Real Estate

Former US president Donald Trump leaves the court room of the State Supreme court on the first day of his civil fraud trial on October 2, 2023 in New York City.
Kena Betancur | AFP | Getty Images

A New York judge on Friday denied a request by Donald Trump and his co-defendants for a mistrial in the former president’s $250 million civil business fraud case.

Manhattan Supreme Court Judge Arthur Engoron said the arguments for a mistrial were “utterly without merit” as he declined to sign the defendants’ bid for a motion to throw out the case.

The ruling came two days after attorneys for Trump Sr., Donald Trump Jr., Eric Trump, the Trump Organization and its top executives argued that the case had been undermined by political bias.

The defense lawyers claimed that Engoron and his principal law clerk have “tainted these proceedings” and that “only the grant of a mistrial can salvage what is left of the rule of law.”

But Engoron in Friday’s ruling disputed each allegation of bias, and made clear that he intends to preside over the case until its conclusion.

The lawsuit, brought by New York Attorney General Letitia James, accuses the defendants of fraudulently inflating the values of Trump’s real estate properties and other assets for years in order to obtain tax benefits, better loan terms and other financial perks.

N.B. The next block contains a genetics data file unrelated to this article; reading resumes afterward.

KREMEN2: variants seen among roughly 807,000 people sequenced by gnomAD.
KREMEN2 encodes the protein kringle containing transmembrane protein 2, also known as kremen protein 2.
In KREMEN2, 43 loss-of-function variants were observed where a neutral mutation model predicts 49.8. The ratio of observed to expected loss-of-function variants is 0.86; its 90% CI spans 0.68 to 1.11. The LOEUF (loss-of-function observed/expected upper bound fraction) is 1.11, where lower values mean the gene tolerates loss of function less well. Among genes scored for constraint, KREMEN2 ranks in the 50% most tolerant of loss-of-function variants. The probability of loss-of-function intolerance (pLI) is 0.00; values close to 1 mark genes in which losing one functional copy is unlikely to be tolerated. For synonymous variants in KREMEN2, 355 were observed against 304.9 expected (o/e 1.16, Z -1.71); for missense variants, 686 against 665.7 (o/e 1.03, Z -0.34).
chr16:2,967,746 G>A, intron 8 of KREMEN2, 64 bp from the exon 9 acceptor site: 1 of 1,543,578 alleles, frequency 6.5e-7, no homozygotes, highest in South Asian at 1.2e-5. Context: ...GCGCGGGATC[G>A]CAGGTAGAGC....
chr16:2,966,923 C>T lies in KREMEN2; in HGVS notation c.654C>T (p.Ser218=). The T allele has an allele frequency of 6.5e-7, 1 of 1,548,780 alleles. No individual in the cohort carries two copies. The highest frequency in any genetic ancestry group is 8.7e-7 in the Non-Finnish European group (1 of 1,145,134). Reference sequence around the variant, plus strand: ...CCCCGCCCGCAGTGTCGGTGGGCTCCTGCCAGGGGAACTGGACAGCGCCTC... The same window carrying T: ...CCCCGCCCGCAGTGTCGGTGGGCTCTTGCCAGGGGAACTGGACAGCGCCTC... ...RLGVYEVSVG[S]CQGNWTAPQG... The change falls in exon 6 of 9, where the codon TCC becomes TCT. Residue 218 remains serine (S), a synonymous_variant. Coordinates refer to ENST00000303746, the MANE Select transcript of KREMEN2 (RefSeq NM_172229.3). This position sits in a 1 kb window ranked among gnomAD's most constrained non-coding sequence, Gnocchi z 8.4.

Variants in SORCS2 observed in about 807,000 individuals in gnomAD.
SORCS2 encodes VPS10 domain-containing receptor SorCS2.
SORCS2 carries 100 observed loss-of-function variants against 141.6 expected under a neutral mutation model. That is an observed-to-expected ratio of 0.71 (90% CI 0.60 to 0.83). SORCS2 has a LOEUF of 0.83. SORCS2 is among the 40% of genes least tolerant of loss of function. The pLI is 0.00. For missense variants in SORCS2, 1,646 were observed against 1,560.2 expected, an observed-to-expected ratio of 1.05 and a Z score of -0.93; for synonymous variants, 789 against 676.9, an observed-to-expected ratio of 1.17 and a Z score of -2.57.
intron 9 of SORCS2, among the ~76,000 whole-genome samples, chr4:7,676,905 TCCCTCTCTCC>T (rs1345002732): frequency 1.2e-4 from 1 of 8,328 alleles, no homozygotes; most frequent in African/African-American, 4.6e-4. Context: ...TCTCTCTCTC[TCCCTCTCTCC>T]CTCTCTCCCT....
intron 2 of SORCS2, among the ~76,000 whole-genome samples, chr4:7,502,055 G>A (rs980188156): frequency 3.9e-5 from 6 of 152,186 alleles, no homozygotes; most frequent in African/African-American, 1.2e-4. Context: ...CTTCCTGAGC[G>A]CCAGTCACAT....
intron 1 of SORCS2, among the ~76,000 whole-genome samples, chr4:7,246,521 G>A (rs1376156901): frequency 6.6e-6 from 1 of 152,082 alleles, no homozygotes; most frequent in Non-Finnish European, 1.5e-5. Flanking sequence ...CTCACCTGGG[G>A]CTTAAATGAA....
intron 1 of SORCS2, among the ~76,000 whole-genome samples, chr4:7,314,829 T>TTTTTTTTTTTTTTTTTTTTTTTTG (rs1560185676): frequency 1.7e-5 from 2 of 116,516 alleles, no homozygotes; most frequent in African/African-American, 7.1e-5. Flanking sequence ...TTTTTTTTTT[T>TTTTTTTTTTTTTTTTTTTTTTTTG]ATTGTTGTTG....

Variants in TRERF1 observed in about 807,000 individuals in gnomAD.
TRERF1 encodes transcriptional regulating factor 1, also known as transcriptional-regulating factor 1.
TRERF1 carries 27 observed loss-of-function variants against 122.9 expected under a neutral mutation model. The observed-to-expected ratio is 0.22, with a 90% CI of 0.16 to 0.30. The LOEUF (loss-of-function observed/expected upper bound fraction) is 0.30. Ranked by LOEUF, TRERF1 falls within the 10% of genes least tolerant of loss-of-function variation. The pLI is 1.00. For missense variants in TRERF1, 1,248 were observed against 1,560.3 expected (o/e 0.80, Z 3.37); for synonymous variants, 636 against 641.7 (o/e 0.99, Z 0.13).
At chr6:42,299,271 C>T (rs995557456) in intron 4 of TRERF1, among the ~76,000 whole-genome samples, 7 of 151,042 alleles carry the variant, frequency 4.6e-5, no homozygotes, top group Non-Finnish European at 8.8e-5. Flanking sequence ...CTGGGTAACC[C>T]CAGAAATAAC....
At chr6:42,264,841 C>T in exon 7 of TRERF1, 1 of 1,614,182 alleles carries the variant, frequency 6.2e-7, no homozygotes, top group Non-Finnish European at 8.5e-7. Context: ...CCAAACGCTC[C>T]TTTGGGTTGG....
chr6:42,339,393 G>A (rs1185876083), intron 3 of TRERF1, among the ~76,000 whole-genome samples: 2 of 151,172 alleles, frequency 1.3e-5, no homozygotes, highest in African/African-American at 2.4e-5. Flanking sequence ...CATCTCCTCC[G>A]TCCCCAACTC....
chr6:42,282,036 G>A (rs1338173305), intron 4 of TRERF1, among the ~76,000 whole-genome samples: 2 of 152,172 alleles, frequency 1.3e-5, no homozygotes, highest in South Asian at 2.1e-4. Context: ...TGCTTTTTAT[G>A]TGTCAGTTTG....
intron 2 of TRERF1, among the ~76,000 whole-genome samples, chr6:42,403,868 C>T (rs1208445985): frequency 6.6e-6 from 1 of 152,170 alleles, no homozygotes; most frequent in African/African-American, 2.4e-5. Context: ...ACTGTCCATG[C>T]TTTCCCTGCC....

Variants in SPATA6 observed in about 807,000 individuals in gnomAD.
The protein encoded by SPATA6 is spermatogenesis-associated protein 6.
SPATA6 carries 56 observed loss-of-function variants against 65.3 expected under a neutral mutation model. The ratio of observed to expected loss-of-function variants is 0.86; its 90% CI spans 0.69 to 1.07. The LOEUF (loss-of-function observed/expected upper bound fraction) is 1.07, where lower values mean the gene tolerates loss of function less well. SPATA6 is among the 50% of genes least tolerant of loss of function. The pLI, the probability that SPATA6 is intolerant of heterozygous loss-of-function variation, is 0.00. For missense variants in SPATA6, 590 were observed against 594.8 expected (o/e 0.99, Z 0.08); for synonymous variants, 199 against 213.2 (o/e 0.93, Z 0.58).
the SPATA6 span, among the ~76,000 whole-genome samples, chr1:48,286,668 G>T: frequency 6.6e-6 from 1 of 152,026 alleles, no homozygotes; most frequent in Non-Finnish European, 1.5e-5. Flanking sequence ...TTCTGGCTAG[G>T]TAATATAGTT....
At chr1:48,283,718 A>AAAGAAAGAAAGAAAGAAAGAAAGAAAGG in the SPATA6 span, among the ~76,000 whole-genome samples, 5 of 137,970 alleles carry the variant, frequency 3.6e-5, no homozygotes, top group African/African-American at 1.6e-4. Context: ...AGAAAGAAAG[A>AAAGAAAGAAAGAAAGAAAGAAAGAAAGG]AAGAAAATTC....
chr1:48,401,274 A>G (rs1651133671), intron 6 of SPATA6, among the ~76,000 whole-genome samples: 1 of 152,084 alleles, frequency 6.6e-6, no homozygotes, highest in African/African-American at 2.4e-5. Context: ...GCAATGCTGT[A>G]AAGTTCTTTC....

In addition to seeking $250 million in damages, James wants to permanently bar Trump and his two adult sons from running a New York business.

Engoron has already found the defendants liable for fraud and ordered the cancellation of their New York business certificates. The trial, which is being conducted without a jury, will determine penalties and resolve James’ other claims of wrongdoing by Trump and his co-defendants.

An appeals court has temporarily paused the process of dissolving Trump’s business entities.

In Friday’s ruling, Engoron went through all of the defendants’ arguments for a mistrial and explained why each was without merit.

The defense lawyers had pointed to articles that Engoron had linked to in his alumni newsletter, claiming they created an appearance of impropriety because they were releated to the fraud case.

Engoron responded that he “neither wrote nor contributed to any of the articles on which defendants focus, and no reasonable reader could possibly think otherwise.”

He also shrugged off claims of “co-judging” by him and his clerk, writing, “my ruling are mine, and mine alone.”

The clerk has become such a target of criticism that Engoron has imposed gag orders barring both Trump and his lawyers from making comments about her. Trump has already violated the narrow gag order twice, receiving a total of $15,000 in fines.

A New York appeals judge on Thursday temporarily suspended those gag orders, citing the ”constitutional and statutory rights at issue.”

This is breaking news. Please check back for updates.

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